In addition to identifying the potential referral methods and channels, you should also identify and nurture your funeral home's brand advocates – the families who can offer credible recommendations to their peers. They are your most effective recruiters, a compelling blend of advocacy and authenticity. Here are a few tips to help you identify your brand advocates and encourage them to share their stories:

Identify Satisfied Customers

First and foremost, brand advocates have to be satisfied customers. Start by reviewing the client families you served last year. How did they respond to your follow-up survey? What were their experiences like at your funeral home? How responsive was your staff to meet their unique needs and requests? Begin by identifying those families who were especially well served by you and your staff.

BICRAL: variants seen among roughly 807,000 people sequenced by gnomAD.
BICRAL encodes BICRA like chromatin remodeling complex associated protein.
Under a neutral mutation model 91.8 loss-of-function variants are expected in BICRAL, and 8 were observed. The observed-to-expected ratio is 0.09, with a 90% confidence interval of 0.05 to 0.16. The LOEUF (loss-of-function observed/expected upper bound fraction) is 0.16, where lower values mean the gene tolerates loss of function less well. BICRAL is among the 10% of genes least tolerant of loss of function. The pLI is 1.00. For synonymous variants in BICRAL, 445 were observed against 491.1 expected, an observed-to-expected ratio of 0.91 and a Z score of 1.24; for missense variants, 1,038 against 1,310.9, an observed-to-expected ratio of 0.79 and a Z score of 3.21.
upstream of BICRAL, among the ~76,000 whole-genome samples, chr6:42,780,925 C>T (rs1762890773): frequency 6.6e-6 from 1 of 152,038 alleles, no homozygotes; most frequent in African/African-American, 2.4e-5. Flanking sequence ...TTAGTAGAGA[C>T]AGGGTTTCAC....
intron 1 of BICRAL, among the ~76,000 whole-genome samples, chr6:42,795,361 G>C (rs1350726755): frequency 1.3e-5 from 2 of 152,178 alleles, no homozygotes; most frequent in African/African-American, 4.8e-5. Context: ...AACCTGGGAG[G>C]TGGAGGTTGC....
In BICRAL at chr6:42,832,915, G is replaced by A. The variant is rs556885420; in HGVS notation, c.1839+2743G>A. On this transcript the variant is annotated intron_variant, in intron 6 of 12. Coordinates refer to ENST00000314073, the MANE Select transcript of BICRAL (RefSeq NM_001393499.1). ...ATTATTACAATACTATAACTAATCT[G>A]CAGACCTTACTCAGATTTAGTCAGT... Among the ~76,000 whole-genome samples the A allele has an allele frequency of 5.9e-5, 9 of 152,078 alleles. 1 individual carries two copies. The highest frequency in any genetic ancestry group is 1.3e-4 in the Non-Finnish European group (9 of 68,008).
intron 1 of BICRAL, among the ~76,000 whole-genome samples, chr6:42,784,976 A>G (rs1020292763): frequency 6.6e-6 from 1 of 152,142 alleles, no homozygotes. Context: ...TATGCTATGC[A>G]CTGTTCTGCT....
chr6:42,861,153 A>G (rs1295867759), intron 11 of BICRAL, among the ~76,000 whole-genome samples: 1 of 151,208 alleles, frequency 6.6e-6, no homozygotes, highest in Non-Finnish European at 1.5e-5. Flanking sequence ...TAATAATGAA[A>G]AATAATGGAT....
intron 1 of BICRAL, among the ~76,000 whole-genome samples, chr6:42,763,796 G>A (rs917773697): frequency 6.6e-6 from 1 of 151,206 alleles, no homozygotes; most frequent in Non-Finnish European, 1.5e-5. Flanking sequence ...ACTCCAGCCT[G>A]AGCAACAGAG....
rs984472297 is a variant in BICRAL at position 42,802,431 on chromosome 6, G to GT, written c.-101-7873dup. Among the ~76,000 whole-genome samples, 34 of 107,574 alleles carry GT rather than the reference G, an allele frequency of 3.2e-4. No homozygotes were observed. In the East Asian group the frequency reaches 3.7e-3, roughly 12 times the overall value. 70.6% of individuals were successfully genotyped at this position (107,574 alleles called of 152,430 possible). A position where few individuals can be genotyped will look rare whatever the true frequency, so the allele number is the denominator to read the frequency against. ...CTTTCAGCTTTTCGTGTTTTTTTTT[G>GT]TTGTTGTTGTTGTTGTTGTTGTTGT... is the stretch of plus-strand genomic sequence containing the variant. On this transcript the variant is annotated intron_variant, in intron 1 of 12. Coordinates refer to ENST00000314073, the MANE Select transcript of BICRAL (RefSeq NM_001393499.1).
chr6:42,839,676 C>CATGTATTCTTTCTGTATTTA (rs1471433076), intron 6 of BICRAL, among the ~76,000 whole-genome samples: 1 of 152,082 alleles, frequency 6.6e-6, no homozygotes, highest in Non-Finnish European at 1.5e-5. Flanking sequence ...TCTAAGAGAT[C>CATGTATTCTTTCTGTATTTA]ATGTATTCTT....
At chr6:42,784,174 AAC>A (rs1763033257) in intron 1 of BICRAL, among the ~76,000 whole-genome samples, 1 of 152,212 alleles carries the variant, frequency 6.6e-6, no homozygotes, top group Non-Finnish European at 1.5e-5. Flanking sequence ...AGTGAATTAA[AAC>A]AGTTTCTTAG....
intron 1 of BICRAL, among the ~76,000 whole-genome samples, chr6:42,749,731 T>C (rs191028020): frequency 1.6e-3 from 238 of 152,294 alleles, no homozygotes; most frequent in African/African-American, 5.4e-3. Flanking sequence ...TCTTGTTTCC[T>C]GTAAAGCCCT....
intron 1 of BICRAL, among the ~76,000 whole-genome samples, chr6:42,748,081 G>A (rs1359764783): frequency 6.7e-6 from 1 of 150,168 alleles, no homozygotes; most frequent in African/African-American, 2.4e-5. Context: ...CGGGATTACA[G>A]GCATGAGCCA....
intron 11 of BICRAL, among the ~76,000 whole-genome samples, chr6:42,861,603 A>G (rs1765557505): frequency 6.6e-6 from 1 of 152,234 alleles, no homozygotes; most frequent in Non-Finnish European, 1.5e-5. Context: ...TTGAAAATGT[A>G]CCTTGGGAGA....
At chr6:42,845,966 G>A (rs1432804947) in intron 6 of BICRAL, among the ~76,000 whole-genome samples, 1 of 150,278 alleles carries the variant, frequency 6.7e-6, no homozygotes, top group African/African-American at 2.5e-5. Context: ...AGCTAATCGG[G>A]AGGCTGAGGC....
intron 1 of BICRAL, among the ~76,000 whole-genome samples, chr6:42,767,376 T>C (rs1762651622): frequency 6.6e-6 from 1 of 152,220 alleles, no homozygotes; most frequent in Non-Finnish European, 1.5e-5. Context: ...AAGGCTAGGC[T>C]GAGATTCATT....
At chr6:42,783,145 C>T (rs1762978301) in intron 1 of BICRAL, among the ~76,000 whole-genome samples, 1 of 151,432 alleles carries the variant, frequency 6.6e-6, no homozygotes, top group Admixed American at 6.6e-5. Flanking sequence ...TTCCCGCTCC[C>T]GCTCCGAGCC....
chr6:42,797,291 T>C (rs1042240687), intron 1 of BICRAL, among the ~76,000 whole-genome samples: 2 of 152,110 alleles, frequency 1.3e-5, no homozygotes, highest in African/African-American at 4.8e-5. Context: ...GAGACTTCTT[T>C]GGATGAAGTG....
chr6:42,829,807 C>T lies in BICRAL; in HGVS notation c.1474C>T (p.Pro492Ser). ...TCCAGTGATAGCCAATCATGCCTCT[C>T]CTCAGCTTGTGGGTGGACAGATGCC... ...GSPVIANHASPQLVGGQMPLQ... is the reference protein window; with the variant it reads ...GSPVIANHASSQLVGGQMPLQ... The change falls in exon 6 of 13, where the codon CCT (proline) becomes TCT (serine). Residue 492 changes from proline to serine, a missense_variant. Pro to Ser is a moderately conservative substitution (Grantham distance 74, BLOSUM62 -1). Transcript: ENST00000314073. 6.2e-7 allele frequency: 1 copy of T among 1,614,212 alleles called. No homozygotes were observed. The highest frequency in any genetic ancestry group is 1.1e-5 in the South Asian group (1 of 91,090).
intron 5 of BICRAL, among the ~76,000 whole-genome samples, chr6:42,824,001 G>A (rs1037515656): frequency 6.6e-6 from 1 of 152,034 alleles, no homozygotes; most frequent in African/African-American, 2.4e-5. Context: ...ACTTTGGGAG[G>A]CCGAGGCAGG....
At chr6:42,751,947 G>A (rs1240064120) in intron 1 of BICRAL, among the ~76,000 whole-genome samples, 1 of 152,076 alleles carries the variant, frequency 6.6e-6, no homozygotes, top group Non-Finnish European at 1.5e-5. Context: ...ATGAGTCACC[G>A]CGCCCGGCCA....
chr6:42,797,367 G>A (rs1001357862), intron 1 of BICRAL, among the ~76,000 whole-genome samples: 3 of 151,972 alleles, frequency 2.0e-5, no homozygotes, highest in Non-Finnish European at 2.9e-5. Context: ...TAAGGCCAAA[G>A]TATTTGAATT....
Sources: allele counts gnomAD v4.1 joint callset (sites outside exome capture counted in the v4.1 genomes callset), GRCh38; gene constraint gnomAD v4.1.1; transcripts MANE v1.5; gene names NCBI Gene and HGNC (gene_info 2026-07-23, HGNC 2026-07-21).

Then, expand your search. It’s likely your services touched someone outside the core family in ways that were meaningful and long-lasting. Perhaps you recently served the family of a young teenager killed in an auto accident, and you remember her volleyball coach thanking your staff for taking such great care of the other athletes and students. Community members – even outside immediate family and friends – can be compelling advocates for your funeral home business.

Focus on the Well-Informed